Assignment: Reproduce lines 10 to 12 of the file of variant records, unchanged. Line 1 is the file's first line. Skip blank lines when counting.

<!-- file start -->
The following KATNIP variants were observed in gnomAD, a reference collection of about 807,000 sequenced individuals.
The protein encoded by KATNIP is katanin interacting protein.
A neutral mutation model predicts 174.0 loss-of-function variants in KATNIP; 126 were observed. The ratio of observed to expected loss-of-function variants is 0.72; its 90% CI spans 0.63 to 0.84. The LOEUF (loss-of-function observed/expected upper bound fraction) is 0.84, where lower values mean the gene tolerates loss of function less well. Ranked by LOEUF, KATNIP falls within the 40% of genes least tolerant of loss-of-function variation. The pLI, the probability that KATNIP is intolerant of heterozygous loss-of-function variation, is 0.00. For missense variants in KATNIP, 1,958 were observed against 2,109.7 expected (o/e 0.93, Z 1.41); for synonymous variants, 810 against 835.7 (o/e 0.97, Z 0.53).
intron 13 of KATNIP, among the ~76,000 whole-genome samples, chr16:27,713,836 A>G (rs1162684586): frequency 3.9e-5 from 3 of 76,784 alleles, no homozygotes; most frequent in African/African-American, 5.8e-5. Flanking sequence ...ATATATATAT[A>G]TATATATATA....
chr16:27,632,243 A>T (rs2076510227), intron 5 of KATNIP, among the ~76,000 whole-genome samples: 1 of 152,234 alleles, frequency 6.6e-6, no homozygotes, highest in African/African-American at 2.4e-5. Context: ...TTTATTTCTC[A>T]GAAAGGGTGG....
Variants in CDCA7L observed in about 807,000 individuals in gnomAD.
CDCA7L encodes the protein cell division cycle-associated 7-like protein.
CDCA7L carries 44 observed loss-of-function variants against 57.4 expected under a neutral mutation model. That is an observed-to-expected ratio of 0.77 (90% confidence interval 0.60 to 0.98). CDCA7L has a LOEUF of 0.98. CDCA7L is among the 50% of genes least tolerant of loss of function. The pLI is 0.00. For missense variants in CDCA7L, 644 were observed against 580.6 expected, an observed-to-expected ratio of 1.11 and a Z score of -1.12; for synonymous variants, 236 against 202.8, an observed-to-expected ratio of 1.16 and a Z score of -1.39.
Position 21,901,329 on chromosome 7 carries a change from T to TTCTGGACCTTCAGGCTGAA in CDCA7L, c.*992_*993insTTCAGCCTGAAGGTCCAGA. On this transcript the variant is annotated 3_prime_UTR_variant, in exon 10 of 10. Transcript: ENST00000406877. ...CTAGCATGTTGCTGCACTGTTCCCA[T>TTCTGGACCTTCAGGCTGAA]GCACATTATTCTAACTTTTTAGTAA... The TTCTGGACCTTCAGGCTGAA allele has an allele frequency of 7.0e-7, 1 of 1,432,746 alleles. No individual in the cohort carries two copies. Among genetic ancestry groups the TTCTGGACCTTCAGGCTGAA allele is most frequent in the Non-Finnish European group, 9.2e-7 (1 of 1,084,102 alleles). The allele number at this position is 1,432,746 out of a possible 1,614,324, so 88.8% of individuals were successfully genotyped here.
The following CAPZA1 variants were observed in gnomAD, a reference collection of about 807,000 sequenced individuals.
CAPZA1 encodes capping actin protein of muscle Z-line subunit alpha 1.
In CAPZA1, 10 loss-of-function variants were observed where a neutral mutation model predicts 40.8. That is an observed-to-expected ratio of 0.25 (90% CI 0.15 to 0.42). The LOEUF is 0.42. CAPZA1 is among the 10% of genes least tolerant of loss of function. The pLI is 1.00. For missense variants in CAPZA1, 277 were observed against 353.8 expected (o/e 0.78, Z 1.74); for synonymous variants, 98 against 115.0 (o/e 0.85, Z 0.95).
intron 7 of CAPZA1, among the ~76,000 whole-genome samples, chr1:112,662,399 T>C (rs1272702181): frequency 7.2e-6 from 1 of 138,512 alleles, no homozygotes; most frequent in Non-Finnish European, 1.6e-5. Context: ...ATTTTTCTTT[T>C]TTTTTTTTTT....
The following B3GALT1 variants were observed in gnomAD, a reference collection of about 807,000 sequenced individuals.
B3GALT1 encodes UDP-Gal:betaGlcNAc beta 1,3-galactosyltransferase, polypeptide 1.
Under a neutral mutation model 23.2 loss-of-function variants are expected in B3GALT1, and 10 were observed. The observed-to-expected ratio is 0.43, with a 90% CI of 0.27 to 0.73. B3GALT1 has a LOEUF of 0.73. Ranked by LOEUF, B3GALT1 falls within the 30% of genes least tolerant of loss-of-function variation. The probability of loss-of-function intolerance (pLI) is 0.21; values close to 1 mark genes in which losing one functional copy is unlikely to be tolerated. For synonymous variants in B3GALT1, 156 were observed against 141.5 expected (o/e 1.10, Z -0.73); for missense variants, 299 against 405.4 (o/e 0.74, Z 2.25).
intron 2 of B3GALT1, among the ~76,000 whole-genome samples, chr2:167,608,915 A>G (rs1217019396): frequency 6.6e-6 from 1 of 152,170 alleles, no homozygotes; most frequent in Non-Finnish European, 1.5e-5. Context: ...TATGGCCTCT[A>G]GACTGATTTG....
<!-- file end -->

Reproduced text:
The following CAPZA1 variants were observed in gnomAD, a reference collection of about 807,000 sequenced individuals.
CAPZA1 encodes capping actin protein of muscle Z-line subunit alpha 1.
In CAPZA1, 10 loss-of-function variants were observed where a neutral mutation model predicts 40.8. That is an observed-to-expected ratio of 0.25 (90% CI 0.15 to 0.42). The LOEUF is 0.42. CAPZA1 is among the 10% of genes least tolerant of loss of function. The pLI is 1.00. For missense variants in CAPZA1, 277 were observed against 353.8 expected (o/e 0.78, Z 1.74); for synonymous variants, 98 against 115.0 (o/e 0.85, Z 0.95).